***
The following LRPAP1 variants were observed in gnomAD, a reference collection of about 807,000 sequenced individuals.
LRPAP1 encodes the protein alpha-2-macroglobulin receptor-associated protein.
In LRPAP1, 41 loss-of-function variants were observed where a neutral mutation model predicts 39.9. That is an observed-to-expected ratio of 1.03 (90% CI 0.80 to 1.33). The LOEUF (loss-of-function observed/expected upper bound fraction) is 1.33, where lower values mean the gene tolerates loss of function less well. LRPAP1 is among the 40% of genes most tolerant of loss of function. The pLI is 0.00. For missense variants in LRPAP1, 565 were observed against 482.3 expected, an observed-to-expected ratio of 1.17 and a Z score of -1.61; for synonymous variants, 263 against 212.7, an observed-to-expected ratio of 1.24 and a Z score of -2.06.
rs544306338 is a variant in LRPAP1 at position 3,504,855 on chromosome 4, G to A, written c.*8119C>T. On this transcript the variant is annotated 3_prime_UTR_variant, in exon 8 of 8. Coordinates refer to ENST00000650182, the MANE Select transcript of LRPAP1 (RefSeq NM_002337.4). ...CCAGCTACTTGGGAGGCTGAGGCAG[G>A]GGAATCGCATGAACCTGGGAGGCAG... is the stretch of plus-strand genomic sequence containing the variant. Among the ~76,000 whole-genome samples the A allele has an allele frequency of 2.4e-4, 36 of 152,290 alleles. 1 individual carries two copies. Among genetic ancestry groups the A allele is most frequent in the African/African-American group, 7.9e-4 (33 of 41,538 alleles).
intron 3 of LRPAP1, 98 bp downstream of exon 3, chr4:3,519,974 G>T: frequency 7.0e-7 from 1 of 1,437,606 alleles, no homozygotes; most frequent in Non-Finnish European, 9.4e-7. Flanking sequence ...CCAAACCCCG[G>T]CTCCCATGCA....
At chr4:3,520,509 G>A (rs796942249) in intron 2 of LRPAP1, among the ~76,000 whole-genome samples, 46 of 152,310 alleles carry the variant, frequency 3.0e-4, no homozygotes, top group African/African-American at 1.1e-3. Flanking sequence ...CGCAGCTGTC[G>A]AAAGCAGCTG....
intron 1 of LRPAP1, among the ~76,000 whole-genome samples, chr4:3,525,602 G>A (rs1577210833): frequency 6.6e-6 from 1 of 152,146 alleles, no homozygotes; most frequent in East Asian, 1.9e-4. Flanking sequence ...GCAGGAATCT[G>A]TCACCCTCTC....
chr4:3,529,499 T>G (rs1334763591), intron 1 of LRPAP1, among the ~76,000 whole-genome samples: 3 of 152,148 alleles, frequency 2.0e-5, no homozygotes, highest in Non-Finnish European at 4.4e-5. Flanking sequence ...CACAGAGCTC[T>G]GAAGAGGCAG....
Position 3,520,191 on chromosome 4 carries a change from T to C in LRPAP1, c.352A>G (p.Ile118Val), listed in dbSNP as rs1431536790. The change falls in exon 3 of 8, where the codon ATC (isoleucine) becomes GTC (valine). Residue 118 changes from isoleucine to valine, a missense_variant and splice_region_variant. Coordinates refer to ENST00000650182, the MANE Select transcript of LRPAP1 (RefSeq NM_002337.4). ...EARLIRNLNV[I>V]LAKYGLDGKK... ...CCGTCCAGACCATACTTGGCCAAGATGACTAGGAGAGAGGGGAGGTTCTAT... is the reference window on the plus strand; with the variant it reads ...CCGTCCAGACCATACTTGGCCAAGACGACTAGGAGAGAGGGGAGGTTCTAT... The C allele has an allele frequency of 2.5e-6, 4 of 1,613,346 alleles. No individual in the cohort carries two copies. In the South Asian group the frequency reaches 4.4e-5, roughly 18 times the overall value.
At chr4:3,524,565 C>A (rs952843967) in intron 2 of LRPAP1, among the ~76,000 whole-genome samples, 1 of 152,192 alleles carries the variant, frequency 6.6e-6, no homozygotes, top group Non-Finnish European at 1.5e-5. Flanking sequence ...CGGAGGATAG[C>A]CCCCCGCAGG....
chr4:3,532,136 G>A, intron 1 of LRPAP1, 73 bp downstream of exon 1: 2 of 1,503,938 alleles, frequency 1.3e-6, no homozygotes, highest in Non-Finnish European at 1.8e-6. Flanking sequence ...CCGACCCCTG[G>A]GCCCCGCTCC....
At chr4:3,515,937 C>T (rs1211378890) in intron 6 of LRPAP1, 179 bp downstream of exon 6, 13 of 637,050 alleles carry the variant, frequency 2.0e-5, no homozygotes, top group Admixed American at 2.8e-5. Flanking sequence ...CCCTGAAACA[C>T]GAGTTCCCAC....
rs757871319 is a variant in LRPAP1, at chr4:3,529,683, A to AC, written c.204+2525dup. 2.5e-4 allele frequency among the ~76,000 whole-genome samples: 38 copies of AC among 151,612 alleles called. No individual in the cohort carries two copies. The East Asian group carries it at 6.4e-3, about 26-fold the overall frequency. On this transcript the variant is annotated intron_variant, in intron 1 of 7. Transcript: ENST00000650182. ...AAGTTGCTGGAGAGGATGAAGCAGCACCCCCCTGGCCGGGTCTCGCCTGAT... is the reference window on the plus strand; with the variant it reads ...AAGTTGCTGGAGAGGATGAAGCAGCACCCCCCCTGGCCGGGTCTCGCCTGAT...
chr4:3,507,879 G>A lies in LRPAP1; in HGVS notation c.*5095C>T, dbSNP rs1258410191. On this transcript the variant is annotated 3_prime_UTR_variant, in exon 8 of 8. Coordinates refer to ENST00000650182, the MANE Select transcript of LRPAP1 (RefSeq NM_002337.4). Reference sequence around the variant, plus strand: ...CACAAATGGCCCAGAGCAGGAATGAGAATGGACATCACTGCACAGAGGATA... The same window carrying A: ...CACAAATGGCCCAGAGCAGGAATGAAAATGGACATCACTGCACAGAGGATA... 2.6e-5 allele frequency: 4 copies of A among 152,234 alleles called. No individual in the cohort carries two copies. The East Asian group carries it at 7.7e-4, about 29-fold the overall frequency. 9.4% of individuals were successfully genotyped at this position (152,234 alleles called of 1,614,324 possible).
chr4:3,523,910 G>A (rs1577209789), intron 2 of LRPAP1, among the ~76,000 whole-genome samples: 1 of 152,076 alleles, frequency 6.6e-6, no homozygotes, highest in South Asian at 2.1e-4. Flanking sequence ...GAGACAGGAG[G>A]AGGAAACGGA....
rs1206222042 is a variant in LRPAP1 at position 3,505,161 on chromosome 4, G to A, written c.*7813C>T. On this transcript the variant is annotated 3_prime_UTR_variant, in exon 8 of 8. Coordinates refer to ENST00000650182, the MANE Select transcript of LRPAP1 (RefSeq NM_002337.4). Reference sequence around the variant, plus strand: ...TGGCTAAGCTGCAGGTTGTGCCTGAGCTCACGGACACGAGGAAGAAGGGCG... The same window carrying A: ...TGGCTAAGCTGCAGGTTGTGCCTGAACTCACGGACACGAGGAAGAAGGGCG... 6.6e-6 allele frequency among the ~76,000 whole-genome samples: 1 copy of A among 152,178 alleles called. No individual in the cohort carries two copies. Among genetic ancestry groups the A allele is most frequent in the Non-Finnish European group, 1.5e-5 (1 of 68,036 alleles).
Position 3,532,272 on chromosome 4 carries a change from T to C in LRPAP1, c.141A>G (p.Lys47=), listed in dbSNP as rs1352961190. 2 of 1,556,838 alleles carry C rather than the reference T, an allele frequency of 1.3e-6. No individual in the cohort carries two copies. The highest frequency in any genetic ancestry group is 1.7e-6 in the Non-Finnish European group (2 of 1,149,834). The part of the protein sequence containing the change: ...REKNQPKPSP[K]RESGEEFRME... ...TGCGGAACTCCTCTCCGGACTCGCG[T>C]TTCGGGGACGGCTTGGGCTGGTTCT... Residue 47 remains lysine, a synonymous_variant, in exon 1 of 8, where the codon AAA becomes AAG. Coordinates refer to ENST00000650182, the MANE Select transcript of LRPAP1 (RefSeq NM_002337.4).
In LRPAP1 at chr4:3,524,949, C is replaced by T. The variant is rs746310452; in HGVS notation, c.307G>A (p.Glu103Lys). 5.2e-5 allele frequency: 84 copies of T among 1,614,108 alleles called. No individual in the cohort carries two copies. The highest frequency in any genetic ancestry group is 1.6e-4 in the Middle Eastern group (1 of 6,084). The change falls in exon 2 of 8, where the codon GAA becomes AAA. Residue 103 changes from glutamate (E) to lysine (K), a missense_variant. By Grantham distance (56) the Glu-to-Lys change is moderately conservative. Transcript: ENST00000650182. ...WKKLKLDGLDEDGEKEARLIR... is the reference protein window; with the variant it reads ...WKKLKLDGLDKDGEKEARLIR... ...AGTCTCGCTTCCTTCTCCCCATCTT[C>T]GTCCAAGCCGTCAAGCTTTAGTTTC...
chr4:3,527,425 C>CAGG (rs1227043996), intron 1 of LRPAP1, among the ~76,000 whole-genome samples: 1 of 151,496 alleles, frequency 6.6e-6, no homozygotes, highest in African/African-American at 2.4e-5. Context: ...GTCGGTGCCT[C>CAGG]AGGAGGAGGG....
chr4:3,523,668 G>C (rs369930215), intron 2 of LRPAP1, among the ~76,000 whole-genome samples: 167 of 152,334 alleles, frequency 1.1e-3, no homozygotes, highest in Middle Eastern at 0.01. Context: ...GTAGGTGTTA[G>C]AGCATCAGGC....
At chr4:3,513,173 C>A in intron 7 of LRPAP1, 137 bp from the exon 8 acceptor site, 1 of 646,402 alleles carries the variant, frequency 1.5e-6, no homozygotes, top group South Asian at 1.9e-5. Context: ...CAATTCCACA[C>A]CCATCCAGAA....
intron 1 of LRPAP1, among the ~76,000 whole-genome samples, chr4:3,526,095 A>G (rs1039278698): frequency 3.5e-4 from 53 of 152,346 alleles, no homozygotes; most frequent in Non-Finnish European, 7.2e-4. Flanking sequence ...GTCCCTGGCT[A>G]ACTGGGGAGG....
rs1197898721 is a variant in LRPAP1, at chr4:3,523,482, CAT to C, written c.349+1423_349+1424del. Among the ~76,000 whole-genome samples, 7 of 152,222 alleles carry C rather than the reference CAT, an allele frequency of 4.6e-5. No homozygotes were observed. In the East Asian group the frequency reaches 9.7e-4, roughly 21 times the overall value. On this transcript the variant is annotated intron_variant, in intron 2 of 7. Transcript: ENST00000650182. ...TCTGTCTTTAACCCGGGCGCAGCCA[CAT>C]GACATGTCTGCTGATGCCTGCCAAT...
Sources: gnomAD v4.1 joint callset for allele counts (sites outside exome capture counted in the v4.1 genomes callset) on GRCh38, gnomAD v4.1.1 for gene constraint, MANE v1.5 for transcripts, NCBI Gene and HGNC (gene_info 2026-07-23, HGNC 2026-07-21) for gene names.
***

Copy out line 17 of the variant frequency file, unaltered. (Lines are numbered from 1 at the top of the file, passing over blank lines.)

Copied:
Position 3,532,272 on chromosome 4 carries a change from T to C in LRPAP1, c.141A>G (p.Lys47=), listed in dbSNP as rs1352961190. 2 of 1,556,838 alleles carry C rather than the reference T, an allele frequency of 1.3e-6. No individual in the cohort carries two copies. The highest frequency in any genetic ancestry group is 1.7e-6 in the Non-Finnish European group (2 of 1,149,834). The part of the protein sequence containing the change: ...REKNQPKPSP[K]RESGEEFRME... ...TGCGGAACTCCTCTCCGGACTCGCG[T>C]TTCGGGGACGGCTTGGGCTGGTTCT... Residue 47 remains lysine, a synonymous_variant, in exon 1 of 8, where the codon AAA becomes AAG. Coordinates refer to ENST00000650182, the MANE Select transcript of LRPAP1 (RefSeq NM_002337.4).